//3D Perspective Tutorial

I wanted to make a brief explanation of 3D perspective. First I want to give full credit to Gabriel Mulzer of www.voxangelica.net . His chapter in New Masters of Flash 2002 Annual is where I really learned all this stuff. I'll try to pass on the data without completely ripping him off.

The basic formula for 3D perspective is:

`scale=fl/(fl+z)`

fl = focal lenth
z = depth "into" the screen

Here is how it looks from a side view:

So, you are taking the focal length, and dividing it by the focal length plus z.

`Scale=fl/(fl+z)`

Let's set fl=150.

If z=0, then you have:

`Scale = 150/(150+0)`

Which is 1.

If z=100, you get:

`Scale = 150/(150+100)`

Which comes out to 0.6

If z=500 (very far away) then…

`Scale = 150/(150+500)`

So you see as you increase z, the scale factor gets smaller and smaller, approaching 0. When z is right at 0, or right "on the screen" scale =1.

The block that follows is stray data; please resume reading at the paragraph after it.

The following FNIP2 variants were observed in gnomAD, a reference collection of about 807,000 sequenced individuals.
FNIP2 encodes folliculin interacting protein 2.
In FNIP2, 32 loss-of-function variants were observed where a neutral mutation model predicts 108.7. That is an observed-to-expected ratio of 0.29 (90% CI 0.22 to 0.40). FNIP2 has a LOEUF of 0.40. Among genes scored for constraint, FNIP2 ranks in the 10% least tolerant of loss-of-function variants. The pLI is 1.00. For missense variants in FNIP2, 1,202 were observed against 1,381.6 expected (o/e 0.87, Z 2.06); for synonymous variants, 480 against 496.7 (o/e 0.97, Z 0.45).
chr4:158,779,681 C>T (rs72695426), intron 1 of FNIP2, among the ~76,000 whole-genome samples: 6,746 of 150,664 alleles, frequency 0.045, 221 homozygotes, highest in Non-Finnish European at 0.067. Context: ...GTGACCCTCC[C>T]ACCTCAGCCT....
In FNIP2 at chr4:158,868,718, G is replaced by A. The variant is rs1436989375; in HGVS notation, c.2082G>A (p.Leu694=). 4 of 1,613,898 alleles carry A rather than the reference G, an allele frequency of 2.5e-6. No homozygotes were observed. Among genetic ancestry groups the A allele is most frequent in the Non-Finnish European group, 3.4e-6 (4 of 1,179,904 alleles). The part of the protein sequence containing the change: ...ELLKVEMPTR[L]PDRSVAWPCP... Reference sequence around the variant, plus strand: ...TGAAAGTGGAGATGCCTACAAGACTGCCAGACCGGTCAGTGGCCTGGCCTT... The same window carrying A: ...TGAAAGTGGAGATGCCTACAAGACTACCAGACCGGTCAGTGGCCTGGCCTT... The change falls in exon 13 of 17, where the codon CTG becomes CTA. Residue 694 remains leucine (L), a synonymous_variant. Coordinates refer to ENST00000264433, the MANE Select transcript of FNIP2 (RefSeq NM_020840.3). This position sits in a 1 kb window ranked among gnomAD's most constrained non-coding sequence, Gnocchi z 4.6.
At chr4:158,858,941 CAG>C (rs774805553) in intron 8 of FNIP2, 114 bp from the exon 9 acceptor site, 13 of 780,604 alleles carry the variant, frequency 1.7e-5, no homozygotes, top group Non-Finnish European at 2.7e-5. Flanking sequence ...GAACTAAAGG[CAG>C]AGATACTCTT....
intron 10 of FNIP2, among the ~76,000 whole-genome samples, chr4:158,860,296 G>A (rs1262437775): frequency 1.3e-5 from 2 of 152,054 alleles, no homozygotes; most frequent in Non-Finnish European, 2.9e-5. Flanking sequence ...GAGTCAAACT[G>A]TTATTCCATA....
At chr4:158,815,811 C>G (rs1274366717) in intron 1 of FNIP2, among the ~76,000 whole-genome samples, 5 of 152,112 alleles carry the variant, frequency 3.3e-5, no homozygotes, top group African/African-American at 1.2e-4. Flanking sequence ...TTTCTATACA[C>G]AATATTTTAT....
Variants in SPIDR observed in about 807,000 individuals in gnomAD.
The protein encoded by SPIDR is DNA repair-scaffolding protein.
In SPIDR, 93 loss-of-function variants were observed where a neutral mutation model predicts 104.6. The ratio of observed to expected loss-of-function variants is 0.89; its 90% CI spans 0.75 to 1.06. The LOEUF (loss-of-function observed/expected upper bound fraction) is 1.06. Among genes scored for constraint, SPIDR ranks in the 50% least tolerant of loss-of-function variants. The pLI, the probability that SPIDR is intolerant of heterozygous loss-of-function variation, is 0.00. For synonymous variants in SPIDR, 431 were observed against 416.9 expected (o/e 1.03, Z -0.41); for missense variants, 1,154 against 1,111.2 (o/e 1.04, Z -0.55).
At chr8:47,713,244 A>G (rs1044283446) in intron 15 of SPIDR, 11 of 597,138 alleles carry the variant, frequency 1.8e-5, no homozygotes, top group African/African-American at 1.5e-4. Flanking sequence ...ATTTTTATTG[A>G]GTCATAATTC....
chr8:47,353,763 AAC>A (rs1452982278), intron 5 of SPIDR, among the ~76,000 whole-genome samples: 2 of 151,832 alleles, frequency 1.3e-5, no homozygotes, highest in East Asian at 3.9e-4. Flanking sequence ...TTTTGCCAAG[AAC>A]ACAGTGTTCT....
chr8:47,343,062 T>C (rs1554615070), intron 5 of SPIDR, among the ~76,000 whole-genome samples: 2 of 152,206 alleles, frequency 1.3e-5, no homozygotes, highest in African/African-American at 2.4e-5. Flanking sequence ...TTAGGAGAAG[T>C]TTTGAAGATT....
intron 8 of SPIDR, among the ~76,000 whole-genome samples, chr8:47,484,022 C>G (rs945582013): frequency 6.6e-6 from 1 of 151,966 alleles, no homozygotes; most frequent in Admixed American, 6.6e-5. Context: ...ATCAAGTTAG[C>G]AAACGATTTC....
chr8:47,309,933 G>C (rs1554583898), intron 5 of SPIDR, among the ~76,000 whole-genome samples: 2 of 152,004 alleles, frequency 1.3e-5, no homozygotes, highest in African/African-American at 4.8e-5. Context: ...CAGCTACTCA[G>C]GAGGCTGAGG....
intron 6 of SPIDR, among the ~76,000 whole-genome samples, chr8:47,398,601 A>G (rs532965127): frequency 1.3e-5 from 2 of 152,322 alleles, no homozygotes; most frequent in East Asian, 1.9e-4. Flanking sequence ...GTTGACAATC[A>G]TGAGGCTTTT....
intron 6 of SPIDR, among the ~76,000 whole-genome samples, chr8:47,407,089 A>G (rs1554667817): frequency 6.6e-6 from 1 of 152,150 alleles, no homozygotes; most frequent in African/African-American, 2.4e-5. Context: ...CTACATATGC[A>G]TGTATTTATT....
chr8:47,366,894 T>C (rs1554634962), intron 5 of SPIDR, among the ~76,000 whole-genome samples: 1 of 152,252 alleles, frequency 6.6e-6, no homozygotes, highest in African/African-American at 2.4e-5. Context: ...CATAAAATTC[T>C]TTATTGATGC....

So how do you use scale? Well, as you notice in the diagram above, two things are decreasing with distance.

1. The size of the object.
2. Its nearness to the center or vanishing point.

This, in terms of Flash, is merely _xscale and _yscale and _x and _y.

So here is how you use your scale figure. First you set your x, y and z values, then you say:

```scale=fl/(fl+z); _x=x*scale; _y=y*scale; _xscale = _yscale = scale*100;```

One thing to watch out for is that the horizon/vanishing point is at 0, 0. In other words, as objects go further away, they will approach 0, 0. In Flash, this is the top left corner of the screen. So you want to add a center value to each to put it near the center of your screen:

```xcenter=275; ycenter=200; scale=fl/(fl+z); _x=x*scale+xcenter; _y=y*scale+ycenter; _xscale = _yscale = scale*100;```

Now remember that any object with a negative x will be to the left of the center, and positive x will be right of the center, negative y will be above your line of sight, or up in the air, positive y will be below your line of site.

I hope you can take what I did here and evolve it into something even more interesting. If you do, please show me. Good luck. If you add any comments or additions to the end of this document, please send me a copy too. Thanks.

Keith Peters
kp@bit-101.com